May we help you? Please call us at 501-951-0578.
501-951-0578 | Our Location | Email Us
PhD student Nicole Meyer of University of Alberta’s Diamond Exploration Research and Training School discovered a never-before-seen mineral trapped within the inclusion of a diamond. She named the material “goldschmidtite” to honor Victor Moritz Goldschmidt, the founder of modern geochemistry.
Back in March 2018, scientists at the same university identified a new deep-Earth mineral — also trapped within a rough diamond (see image, below). While measuring only .031 millimeters in diameter, the diamond was credited with ferrying the unstable material called “calcium silicate perovskite” to the surface from its original home 400 miles within the earth’s mantle.
More than ever, scientists are relying on minuscule mineral inclusions within diamonds to learn more about Earth’s chemistry deep beneath the surface. Both diamonds were recovered from mines in South Africa.
“Goldschmidtite has high concentrations of niobium, potassium and the rare earth elements lanthanum and cerium, whereas the rest of the mantle is dominated by other elements, such as magnesium and iron,” Meyer said in a university press release. “For potassium and niobium to constitute a major proportion of this mineral, it must have formed under exceptional processes that concentrated these unusual elements.”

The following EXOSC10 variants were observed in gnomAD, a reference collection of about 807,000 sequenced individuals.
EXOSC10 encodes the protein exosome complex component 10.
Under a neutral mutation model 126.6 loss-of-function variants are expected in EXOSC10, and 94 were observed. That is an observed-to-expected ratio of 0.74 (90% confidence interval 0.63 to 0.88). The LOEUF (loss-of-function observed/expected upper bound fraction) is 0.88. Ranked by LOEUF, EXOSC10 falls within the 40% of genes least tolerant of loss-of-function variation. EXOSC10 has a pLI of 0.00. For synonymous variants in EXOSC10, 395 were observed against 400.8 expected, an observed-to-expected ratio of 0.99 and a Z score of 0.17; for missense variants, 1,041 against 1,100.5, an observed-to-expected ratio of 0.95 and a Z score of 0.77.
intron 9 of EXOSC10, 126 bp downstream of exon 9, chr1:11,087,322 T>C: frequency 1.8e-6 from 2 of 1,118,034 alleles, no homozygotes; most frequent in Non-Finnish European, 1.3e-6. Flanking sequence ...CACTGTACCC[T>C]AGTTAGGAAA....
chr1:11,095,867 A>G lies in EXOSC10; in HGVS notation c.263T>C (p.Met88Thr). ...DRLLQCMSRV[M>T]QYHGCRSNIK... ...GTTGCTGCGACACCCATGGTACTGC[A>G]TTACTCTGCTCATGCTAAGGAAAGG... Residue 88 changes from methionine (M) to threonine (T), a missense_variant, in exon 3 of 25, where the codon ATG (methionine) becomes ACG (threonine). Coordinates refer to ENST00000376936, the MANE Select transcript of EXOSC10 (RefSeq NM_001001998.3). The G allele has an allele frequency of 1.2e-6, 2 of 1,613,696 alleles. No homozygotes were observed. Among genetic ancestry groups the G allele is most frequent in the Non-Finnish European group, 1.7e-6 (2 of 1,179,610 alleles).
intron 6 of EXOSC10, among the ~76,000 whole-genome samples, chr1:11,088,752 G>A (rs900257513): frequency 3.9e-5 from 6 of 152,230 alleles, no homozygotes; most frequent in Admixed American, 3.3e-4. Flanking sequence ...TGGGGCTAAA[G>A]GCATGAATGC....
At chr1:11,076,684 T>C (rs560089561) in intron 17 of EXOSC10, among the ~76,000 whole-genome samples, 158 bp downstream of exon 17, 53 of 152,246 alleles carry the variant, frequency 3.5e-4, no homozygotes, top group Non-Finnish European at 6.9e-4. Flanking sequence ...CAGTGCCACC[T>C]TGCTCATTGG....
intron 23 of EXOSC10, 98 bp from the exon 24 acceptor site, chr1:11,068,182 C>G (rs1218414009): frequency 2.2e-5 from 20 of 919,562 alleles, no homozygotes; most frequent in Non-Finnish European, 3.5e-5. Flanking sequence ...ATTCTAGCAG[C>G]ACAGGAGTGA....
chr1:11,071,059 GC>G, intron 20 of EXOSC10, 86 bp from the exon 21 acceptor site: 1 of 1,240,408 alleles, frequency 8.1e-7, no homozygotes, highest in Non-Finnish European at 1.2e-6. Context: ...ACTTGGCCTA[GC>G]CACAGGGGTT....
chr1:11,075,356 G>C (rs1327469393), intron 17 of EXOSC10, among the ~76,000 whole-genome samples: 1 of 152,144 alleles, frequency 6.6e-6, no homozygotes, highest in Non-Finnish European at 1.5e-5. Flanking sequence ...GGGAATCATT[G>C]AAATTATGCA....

Meyer’s new mineral is believed to have originated about 170 kilometers (105 miles) beneath the earth’s surface, where the temperatures can reach 1,200 degrees Celsius (2,192 degrees Fahrenheit).
“This discovery is the result of a lot of patient and meticulous work by Nicole and the research team,” said Graham Pearson, Meyer’s co-supervisor. “Goldschmidtite is highly unusual for an inclusion captured by diamond and gives us a snapshot of fluid processes that affect the deep roots of continents during diamond formation.”
Diamonds can be blasted hundreds of miles to the surface during volcanic eruptions. The vertical superhighways that take the diamonds on their journey are called kimberlite pipes.
Meyer reported her discovery in the September edition of the scholarly journal American Mineralogist. Born in Switzerland and schooled in Oslo, Norway, Goldschmidt (1888-1947) is considered to be the founder of modern geochemistry and crystal chemistry.
Credit: Goldschmidtite image courtesy of Nicole Meyer. Calcium silicate perovskite image courtesy of Nester Korolev, University of British Columbia.